Which brings me back to Moana and the genre of animated feature films. The land of the kakamora, and the Solomon Islands in general, is blessed with self-taught and talented writers, film-makers, artists and musicians. But their chances of making an animated feature film are abysmal – there is no film or creative writing course available locally, no scholarships for film schools in other countries available to Solomon Islanders, and the few short training and festival opportunities that do exist are regularly taken up by civil servants and their mates rather than the real talents, because so many regional organisations insist on funnelling information and invitations through government. Other international organisations simply overlook the Pacific – despite development levels in many Pacific countries being on par to African countries, there is no regional film funding available to Pacific Islanders, unlike many laudable opportunities for creative African talent.

Even though I know Solomon films will compete with films from other countries which enjoy government funding, its unlikely the playing field will be level in my lifetime. Solomon Islands is highly aid dependent, a least developed country and reportedly in the bottom third of most corrupt countries in the world. Many locals comment that corruption is getting worse rather than better and the challenges to living and working in the arts sector are not likely to ease any time soon.

But Disney/Pixar, Dreamworks and Illumination MacGuff I actually have hope in making a positive contribution to supporting Islander story making. Ok, right now they are making steps to including local talent in their film productions about other cultures. It seems logical other steps can be taken to even the balance between the animation companies and local storytellers.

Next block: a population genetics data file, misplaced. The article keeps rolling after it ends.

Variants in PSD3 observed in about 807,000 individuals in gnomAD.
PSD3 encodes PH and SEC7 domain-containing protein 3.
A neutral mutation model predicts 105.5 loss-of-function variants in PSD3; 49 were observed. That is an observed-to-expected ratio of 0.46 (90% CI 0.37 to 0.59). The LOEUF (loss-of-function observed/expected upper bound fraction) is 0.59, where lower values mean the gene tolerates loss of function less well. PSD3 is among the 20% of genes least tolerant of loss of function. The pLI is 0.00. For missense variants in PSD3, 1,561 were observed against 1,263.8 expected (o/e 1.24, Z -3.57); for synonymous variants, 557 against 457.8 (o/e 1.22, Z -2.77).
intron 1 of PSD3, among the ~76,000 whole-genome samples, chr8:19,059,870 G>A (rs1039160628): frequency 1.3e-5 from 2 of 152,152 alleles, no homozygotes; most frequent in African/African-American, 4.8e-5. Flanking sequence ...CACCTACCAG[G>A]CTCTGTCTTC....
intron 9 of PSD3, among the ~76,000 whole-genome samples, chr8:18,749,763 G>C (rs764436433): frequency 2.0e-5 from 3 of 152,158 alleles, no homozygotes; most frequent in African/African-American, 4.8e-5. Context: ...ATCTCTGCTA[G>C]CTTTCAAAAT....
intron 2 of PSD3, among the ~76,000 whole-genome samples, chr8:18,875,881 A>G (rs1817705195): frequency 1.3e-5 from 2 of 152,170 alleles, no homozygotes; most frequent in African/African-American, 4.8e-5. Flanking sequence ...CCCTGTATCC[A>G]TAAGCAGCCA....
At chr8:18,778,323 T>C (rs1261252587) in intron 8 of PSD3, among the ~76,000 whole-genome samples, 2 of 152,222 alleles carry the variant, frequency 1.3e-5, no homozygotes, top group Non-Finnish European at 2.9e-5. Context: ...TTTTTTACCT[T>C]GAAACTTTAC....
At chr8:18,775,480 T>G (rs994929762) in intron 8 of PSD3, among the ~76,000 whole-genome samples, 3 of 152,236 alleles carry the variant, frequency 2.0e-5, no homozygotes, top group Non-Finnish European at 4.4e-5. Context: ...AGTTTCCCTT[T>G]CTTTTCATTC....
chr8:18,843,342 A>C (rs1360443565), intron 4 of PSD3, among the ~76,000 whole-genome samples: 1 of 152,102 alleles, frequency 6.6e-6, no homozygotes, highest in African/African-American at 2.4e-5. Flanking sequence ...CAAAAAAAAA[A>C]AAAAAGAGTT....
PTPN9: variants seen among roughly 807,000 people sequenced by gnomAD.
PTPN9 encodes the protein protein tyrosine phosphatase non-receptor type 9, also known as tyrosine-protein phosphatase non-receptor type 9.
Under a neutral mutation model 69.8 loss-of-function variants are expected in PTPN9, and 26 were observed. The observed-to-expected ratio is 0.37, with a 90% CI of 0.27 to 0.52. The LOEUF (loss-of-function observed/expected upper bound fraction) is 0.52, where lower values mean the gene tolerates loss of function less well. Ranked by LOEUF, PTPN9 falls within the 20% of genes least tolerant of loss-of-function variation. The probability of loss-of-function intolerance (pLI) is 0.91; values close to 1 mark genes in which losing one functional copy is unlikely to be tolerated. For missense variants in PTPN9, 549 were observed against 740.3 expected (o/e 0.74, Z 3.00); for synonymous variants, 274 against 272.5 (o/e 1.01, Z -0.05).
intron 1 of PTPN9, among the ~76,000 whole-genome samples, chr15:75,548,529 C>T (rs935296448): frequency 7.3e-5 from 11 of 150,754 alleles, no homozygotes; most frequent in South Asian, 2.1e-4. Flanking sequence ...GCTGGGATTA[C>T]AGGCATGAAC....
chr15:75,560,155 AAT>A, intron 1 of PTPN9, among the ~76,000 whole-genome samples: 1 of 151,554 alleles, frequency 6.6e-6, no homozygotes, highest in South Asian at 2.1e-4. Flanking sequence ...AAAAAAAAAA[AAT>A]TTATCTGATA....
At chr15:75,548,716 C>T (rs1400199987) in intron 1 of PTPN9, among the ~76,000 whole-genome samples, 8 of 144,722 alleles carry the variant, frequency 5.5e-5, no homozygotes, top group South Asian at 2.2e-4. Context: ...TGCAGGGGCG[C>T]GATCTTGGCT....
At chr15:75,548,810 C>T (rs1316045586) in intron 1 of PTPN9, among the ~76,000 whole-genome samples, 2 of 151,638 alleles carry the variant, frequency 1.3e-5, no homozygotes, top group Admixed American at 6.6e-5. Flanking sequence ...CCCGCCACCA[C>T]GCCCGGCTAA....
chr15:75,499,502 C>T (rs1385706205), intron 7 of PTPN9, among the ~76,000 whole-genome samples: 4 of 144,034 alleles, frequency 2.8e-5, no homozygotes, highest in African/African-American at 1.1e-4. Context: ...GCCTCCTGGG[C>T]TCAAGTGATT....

What about for the next film, having a scriptwriting competition for a short film from a developing country that would be released with the feature? What about bringing local artists and painters into the film production process to give more opportunity for visual representation of different cultures in animated feature films? What about a portion of profits from the mega-hits like Frozen going into a film fund for Indigenous peoples to make their own animated films and television shows? What about sponsoring collaborations between indigenous tribes to make films that would connect to indigenous youth from different parts of the world? What about scholarships and start-up funds for indigenous people to learn the technicalities of animation so more local people could start their own productions?

And yes, just in case you were wondering, the Pacific does consume animated feature films, particularly of course children and families. Having a backpack with “Frozen” characters on it is the fashion du jour for female school students in towns in Solomon Islands and “Ben 10” and “Spiderman” are popular for boys. It will be interesting to see if Moana becomes the new must-have schoolbag in 2017.

As for me, I will enjoy Moana as a chance to see some representations of the Pacific in my beloved genre of animated feature film. And I will be delighted one day if the film industry recognises what Islander film-makers are up against and provides the kind of opportunities and funding they need to set their stories to sail around the globe.

[1] For more about the kakamora see http://onlinelibrary.wiley.com/doi/10.1111/1467-9655.12442/full